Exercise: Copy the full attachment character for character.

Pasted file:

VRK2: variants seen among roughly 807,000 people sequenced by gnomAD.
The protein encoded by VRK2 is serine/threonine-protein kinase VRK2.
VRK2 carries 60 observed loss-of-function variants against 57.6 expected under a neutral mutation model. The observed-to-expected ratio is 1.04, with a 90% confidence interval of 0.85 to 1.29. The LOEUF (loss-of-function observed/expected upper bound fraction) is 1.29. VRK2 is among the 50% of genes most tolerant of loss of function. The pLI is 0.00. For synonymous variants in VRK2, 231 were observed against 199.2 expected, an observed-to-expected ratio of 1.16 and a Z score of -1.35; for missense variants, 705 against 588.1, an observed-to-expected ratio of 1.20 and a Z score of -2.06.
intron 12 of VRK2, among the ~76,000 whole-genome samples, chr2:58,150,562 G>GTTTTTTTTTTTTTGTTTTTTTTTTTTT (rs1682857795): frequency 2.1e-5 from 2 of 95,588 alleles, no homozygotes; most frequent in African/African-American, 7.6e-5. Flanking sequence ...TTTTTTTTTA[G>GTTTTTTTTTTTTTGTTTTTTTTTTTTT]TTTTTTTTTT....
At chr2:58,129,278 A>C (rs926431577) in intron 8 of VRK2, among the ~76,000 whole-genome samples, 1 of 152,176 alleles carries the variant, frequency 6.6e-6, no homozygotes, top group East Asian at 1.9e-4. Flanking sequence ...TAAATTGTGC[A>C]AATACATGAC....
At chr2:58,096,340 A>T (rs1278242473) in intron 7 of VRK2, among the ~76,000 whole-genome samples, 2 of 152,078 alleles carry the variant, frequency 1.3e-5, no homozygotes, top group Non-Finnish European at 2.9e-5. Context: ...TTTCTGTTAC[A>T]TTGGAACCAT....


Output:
VRK2: variants seen among roughly 807,000 people sequenced by gnomAD.
The protein encoded by VRK2 is serine/threonine-protein kinase VRK2.
VRK2 carries 60 observed loss-of-function variants against 57.6 expected under a neutral mutation model. The observed-to-expected ratio is 1.04, with a 90% confidence interval of 0.85 to 1.29. The LOEUF (loss-of-function observed/expected upper bound fraction) is 1.29. VRK2 is among the 50% of genes most tolerant of loss of function. The pLI is 0.00. For synonymous variants in VRK2, 231 were observed against 199.2 expected, an observed-to-expected ratio of 1.16 and a Z score of -1.35; for missense variants, 705 against 588.1, an observed-to-expected ratio of 1.20 and a Z score of -2.06.
intron 12 of VRK2, among the ~76,000 whole-genome samples, chr2:58,150,562 G>GTTTTTTTTTTTTTGTTTTTTTTTTTTT (rs1682857795): frequency 2.1e-5 from 2 of 95,588 alleles, no homozygotes; most frequent in African/African-American, 7.6e-5. Flanking sequence ...TTTTTTTTTA[G>GTTTTTTTTTTTTTGTTTTTTTTTTTTT]TTTTTTTTTT....
At chr2:58,129,278 A>C (rs926431577) in intron 8 of VRK2, among the ~76,000 whole-genome samples, 1 of 152,176 alleles carries the variant, frequency 6.6e-6, no homozygotes, top group East Asian at 1.9e-4. Flanking sequence ...TAAATTGTGC[A>C]AATACATGAC....
At chr2:58,096,340 A>T (rs1278242473) in intron 7 of VRK2, among the ~76,000 whole-genome samples, 2 of 152,078 alleles carry the variant, frequency 1.3e-5, no homozygotes, top group Non-Finnish European at 2.9e-5. Context: ...TTTCTGTTAC[A>T]TTGGAACCAT....